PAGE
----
Following a historic three-day visit to Lebanon, Pope Benedict is now on his way back to Rome. This was a very important trip for the 85-year old Pontiff. Despite increased tension and violence in the Middle East, he spent time meeting with government officials, signed the long-awaited Post-Synodal Apostolic Exhortation Ecclesia in Medio Oriente
and met with young people. Earlier today, he presided over Mass and the Angelus before 350,000 Lebanese in Beirut.
Before boarding his flight, he shared a few words of thanks with the people of Lebanon, including the president, brother Bishops and civil and religious authorities. Published below is the complete text of his address.
Civil and religious authorities, dear Friends,
As the moment to depart draws near, I leave Lebanon with regret. I thank you for your words, Mr President, and for promoting along with the Government whose representatives I salute, the organization of the various events during my stay with you, assisted in a special way by the efficiency of the various services of the Republic and the private sector. I thank, too, Patriarch Bechara Boutros Raï, and all the Patriarchs present, as well as the Eastern and Latin Bishops, priests, deacons, men and women religious, seminarians and faithful who came to receive me. In visiting you, it was as if Peter himself had come to you and you received him with the cordiality which characterizes your Churches and your culture.
My especial thanks go to the entire Lebanese people who form a beautiful and rich mosaic and who have shown the successor of Peter their enthusiasm by the efforts, both general and specific, of each community. I cordially thank our venerable sister Churches and the Protestant communities. I thank in particular representatives of the Muslim communities. Through my stay here, I have noticed how much your presence has contributed to the success of my journey. In these troubled times, the Arab world and indeed the entire world will have seen Christians and Muslims united in celebrating peace. It is a tradition in the Middle East to receive a guest with consideration and respect as you have done. I thank you all. But, to that consideration and respect, you added something else, which can be compared to one of those renowned oriental spices which enriches the taste of food: your warmth and your affection, which make me wish to return. I thank you for that especially. May God bless you for it!
During my all too brief stay, motivated principally by the signature and consigning of the Apostolic Exhortation Ecclesia in Oriente, I have been able to meet various elements of your society. There were moments that were more official in character, others that were more intimate, moments of great religious importance and of fervent prayer, and others marked by the enthusiasm of young people. I give thanks to God for granting these occasions, for these meaningful encounters which I was able to have, and for the prayer offered by all and for all in Lebanon and the Middle East, whatever their origins or religious beliefs.
In his wisdom, Solomon asked Hiram of Tyre to build a house for the name of God, a sanctuary for all eternity (cf. Sir 47:13). And Hiram, whom I mentioned at my arrival, sent wood taken from the cedars of Lebanon (cf. 1 Kg 5:22). Cedar furnishings adorned the interior of the Temple, with garlands of sculpted flowers (cf. 1 Kg 6:18). Lebanon was present in the sanctuary of God. May the Lebanon of today, and her inhabitants, also dwell in the sanctuary of God! May Lebanon continue to be a place where men and women can live in harmony and peace with each other, in order to give the world not only a witness to the presence of God, the primary theme of this past Synod, but also a witness to the communion between people, the second theme of the Synod, whatever their political, social, or religious standpoint.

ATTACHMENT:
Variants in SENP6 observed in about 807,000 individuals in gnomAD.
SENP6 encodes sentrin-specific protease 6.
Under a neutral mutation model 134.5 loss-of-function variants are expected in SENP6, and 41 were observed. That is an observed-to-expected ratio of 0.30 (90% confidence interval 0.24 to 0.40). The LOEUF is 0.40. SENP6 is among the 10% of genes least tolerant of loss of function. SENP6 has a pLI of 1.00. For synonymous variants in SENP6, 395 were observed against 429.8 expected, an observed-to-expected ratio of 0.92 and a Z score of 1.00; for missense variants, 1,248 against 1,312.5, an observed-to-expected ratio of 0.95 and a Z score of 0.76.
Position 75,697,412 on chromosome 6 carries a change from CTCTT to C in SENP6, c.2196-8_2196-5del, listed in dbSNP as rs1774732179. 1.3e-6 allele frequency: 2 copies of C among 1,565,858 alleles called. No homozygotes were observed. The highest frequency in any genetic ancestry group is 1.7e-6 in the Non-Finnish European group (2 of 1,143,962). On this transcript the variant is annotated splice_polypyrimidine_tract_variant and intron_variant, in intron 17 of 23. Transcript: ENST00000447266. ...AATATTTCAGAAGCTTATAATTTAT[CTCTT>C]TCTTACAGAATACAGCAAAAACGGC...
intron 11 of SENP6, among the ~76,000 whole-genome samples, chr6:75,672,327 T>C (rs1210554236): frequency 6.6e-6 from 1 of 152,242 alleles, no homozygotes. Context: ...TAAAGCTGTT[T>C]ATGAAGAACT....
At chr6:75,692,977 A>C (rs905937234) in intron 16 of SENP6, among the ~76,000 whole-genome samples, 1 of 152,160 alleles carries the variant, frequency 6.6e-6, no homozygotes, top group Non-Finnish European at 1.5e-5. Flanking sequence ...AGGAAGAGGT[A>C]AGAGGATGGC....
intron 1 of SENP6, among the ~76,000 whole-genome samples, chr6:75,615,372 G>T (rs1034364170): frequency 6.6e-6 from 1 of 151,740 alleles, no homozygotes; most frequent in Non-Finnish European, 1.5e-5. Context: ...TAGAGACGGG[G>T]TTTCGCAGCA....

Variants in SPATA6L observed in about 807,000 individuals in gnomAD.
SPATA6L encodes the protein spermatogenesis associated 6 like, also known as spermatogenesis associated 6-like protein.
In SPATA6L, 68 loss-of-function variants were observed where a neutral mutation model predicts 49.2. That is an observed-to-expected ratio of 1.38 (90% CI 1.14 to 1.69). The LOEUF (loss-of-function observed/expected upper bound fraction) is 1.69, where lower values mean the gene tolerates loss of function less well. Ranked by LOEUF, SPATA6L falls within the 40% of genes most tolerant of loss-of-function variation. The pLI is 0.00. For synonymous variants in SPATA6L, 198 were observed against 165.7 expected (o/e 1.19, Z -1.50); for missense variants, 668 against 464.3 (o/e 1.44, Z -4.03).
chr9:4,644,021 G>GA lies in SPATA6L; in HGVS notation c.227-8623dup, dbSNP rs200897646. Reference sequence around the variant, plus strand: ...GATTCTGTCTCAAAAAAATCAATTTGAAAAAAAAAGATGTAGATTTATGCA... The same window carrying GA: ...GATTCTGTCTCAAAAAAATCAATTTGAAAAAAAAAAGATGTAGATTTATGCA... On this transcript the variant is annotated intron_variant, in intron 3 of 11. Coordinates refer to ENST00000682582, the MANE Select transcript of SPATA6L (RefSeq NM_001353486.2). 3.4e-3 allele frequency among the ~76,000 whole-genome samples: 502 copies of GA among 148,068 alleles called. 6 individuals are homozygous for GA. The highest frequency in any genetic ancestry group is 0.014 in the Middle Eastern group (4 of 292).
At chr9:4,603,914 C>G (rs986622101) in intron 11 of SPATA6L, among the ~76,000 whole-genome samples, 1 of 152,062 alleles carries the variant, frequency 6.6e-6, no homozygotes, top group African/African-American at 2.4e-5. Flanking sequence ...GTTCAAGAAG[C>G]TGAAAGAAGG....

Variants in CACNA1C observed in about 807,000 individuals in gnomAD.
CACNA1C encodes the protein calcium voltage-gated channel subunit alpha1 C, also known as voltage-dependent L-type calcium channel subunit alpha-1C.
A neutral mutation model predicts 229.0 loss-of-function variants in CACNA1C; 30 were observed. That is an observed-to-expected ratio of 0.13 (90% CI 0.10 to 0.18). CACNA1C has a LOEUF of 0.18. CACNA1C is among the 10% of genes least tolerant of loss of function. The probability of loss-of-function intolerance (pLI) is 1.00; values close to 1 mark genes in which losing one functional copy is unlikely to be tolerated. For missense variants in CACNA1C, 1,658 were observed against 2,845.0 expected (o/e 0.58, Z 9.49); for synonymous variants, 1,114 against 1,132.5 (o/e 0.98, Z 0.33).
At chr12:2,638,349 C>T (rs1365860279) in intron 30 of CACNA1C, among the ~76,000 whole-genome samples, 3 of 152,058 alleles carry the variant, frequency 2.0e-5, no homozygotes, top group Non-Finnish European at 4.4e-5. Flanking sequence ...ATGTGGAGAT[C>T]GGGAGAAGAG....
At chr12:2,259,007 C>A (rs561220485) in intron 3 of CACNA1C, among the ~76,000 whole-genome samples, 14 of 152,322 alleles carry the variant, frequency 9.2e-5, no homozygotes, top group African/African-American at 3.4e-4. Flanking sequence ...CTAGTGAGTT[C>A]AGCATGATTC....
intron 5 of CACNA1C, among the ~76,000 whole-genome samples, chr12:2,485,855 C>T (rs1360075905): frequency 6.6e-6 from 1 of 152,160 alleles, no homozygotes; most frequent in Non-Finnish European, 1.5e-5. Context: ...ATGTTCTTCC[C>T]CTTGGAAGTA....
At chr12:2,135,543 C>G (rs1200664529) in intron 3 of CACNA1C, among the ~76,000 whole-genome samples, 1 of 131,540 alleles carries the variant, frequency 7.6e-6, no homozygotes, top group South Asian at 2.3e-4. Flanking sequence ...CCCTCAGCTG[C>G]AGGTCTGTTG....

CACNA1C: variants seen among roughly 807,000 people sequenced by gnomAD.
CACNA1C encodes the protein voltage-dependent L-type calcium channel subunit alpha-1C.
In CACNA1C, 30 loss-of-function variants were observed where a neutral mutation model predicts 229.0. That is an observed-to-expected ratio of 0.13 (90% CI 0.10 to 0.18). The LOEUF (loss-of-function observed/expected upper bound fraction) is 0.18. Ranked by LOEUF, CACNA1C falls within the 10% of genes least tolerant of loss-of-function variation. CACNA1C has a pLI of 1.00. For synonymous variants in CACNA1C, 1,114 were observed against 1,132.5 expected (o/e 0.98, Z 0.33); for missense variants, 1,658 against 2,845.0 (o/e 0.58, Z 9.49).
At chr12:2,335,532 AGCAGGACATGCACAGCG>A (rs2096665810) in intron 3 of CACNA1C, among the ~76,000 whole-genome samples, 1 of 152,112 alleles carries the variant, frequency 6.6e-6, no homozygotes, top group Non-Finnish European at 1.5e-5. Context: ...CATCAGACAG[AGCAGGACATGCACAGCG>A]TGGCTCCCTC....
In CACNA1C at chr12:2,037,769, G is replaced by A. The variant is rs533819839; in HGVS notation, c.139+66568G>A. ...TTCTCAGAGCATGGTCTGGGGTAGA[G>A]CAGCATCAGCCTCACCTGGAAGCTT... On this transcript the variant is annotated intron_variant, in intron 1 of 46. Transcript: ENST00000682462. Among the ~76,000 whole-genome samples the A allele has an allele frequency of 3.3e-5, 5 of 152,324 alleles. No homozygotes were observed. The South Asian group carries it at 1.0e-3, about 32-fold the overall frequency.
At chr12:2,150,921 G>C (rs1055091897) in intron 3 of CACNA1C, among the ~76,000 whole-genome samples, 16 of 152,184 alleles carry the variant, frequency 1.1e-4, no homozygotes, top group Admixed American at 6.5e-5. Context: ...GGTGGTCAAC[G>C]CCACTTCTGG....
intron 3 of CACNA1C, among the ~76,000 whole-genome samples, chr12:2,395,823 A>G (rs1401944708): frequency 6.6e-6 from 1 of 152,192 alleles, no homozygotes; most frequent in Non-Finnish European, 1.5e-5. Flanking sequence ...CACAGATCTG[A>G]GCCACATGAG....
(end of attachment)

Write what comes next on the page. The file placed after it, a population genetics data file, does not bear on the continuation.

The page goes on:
I pray to God for Lebanon, that she may live in peace and courageously resist all that could destroy or undermine that peace. I hope that Lebanon will continue to permit the plurality of religious traditions and not listen to the voices of those who wish to prevent it. I hope that Lebanon will fortify the communion among all her inhabitants, whatever their community or religion, that she will resolutely reject all that could lead to disunity, and with determination choose brotherhood. These are blossoms pleasing to God, virtues that are possible and that merit consolidation by becoming more deeply rooted.
The Virgin Mary, venerated with devotion and tenderness by the faithful of the religious confessions here present, is a sure model for going forward in hope along the path of a lived and authentic brotherhood. Lebanon understood this well when, some time ago, she proclaimed 25 March as a holiday, thus allowing everyone to live more deeply their unity in serenity. May the Virgin Mary, whose ancient shrines are so numerous in your country, continue to accompany and inspire you!
May God bless Lebanon and all the Lebanese! May he never cease to draw them to himself so as to offer them a share in his eternal life! May he fill them with his joy, his peace and his light! May God bless all the Middle East! Upon all of you, I affectionately invoke abundant divine blessings. God bless you all!
Credit: CNS photo